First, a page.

"As a young Christian my first conception of God represented Him to me as...high and lifted up and inhabiting eternity.  He was entirely unapproachable by sinners, save through a mediator, his son Jesus Christ.  I knew that He knows everything and nothing can be hidden from Him...but I conceived of Him as cognizant of it all in an absolutely impersonal way, except of those who were brought into a personal relationship with Him through Jesus.  I was quite sure that when Christ arose again and returned to the glory of the Father...he is now past the reach of all suffering.   I can never forget the shock of horror of the very idea with which I reacted to a passage in a book...
     'God knows and is cognizant of all the sin and the horror of its manifestations and results all over the world.  Not a single detail is unknown to him...I can pity, I can sympathize, I can try to help, but then I can come home...and I am away from it all.  But he stays there.'
     With my whole will I longed to reject it--a suffering God instead of the high and lofty one, who had only needed to suffer once in order to atone for all the world's sorrow and anguish.  But God, being omnipresent, must be conscious of it all the time...and feeling it all with the anguish of holy love.  But still, revolutionary as this new idea was, I still thought of Him as suffering from without...suffering in much the same way as a loving and heartbroken father or mother suffers while tending a child in some agonizing illness.  It took another twenty years (when I saw) what our Lord Jesus has revealed about God through his choosing to become incarnate in a man--namely that he is conscious of himself in all men.  Until that moment I had thought of God as conscious of everything from without...but now I saw...he is conscious of it from within.  This is what the saints mean when they speak of God as immanent...immanence, not pantheism. God manifest in the not this stupendous and awe-inspiring revelation which was made by Jesus Christ?  Once, in the fullness of time, when we were able to be shown, God in Jesus Christ revealed himself to us and the truth about himself.  Every part of his incarnation, life as a man, and death on the cross--yes, and his glorious resurrection is a revelation of this truth.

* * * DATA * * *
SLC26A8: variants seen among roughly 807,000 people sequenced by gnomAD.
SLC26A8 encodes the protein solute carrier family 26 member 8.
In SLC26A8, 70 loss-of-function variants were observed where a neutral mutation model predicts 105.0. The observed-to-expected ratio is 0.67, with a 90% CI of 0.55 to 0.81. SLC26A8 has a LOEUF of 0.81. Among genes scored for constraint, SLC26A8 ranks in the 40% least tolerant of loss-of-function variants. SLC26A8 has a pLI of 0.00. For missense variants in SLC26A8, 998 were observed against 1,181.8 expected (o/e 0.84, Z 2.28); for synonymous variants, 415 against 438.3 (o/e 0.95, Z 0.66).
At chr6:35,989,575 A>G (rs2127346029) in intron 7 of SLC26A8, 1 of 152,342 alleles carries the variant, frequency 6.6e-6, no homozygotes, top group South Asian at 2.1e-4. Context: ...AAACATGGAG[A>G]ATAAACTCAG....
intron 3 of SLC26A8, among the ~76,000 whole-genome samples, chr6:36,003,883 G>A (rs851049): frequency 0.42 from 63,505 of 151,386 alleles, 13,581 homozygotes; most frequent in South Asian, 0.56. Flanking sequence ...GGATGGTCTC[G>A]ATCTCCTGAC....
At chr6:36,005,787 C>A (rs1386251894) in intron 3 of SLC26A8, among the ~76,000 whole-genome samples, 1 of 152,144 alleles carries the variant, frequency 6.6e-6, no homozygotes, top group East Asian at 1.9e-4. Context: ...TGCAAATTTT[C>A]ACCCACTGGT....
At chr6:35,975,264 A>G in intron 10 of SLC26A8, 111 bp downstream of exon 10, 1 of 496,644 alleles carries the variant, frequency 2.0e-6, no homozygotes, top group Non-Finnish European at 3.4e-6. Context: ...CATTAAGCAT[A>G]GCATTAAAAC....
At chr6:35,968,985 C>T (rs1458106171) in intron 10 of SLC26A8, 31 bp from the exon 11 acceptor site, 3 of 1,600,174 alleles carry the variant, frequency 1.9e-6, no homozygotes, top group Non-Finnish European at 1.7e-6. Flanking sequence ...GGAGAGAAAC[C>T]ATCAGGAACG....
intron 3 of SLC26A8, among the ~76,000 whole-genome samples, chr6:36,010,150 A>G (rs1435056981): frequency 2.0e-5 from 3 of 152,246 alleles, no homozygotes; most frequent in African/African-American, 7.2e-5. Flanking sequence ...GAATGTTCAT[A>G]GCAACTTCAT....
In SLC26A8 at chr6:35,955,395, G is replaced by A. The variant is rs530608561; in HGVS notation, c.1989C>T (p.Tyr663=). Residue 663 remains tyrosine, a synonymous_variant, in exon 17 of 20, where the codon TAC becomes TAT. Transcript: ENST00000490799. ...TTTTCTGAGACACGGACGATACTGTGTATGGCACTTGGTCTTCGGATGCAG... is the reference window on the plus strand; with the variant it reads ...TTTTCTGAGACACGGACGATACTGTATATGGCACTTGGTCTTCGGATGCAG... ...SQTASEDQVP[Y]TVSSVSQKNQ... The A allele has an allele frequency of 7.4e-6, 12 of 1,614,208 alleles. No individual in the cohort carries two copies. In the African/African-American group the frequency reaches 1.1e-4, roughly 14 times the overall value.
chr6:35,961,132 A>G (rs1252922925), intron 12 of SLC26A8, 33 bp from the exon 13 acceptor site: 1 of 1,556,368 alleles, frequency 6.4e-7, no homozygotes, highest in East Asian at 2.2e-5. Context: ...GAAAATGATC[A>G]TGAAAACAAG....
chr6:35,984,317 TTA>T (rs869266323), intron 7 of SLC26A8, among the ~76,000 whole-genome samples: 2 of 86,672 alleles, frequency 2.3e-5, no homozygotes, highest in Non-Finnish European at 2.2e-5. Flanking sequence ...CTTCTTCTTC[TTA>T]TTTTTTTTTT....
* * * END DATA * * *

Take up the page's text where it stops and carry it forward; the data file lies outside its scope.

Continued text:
The Jewish people found it overwhelmingly difficult to grasp the significance of a suffering God, of the Creator on a cross, just as they were so unable to understand the revelation of the presence of God actually dwelling in a tent of skins...and would not believe he was present and incarnate in a human body.  He was wounded and has been wounded for our transgressions all along...from the moment of the first sin it began to be true.  "Surly he hath borne our griefs and carried our sorrows", "In all their afflictions he was afflicted"...these passages now take on a marvelous and overwhelming significance, and a host of other ones as well.  Never again can I despise or be indifferent to a single individual that I meet...for I see someone in whom the eternal God and Redeemer is conscious of...feeling and bearing all they feel and bear and all the consequences of their sin and the cruel sins done against them by others.
     Here, at least as far as I can see, is the answer to the mystery of suffering...Love himself is in them, feeling it all, bearing it, crucified and rising to life making himself responsible to undo, in the end, all the results of sin...and bringing forth in his own good time resurrection life out of agony and death."